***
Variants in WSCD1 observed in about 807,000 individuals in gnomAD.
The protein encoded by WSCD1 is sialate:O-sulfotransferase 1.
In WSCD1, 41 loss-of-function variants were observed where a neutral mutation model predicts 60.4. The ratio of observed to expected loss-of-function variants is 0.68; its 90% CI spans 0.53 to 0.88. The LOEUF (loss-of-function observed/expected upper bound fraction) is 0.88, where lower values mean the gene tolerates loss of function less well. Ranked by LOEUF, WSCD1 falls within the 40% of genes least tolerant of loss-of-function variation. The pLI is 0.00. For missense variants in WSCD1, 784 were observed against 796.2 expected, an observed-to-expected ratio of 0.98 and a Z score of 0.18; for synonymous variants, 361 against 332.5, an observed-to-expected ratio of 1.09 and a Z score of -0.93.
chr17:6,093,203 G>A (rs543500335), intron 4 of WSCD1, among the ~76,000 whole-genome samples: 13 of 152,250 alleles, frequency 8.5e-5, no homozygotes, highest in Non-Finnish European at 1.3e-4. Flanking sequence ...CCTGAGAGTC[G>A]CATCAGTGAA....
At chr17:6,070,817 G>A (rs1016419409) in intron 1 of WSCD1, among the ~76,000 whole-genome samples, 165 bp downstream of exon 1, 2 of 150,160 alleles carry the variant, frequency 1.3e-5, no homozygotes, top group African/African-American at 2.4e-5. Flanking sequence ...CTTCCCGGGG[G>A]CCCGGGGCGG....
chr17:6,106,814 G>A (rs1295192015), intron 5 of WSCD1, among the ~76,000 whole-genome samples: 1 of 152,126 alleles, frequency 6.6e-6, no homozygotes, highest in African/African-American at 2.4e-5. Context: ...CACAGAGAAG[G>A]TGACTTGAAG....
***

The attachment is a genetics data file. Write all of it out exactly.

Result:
Variants in WSCD1 observed in about 807,000 individuals in gnomAD.
The protein encoded by WSCD1 is sialate:O-sulfotransferase 1.
In WSCD1, 41 loss-of-function variants were observed where a neutral mutation model predicts 60.4. The ratio of observed to expected loss-of-function variants is 0.68; its 90% CI spans 0.53 to 0.88. The LOEUF (loss-of-function observed/expected upper bound fraction) is 0.88, where lower values mean the gene tolerates loss of function less well. Ranked by LOEUF, WSCD1 falls within the 40% of genes least tolerant of loss-of-function variation. The pLI is 0.00. For missense variants in WSCD1, 784 were observed against 796.2 expected, an observed-to-expected ratio of 0.98 and a Z score of 0.18; for synonymous variants, 361 against 332.5, an observed-to-expected ratio of 1.09 and a Z score of -0.93.
chr17:6,093,203 G>A (rs543500335), intron 4 of WSCD1, among the ~76,000 whole-genome samples: 13 of 152,250 alleles, frequency 8.5e-5, no homozygotes, highest in Non-Finnish European at 1.3e-4. Flanking sequence ...CCTGAGAGTC[G>A]CATCAGTGAA....
At chr17:6,070,817 G>A (rs1016419409) in intron 1 of WSCD1, among the ~76,000 whole-genome samples, 165 bp downstream of exon 1, 2 of 150,160 alleles carry the variant, frequency 1.3e-5, no homozygotes, top group African/African-American at 2.4e-5. Flanking sequence ...CTTCCCGGGG[G>A]CCCGGGGCGG....
chr17:6,106,814 G>A (rs1295192015), intron 5 of WSCD1, among the ~76,000 whole-genome samples: 1 of 152,126 alleles, frequency 6.6e-6, no homozygotes, highest in African/African-American at 2.4e-5. Context: ...CACAGAGAAG[G>A]TGACTTGAAG....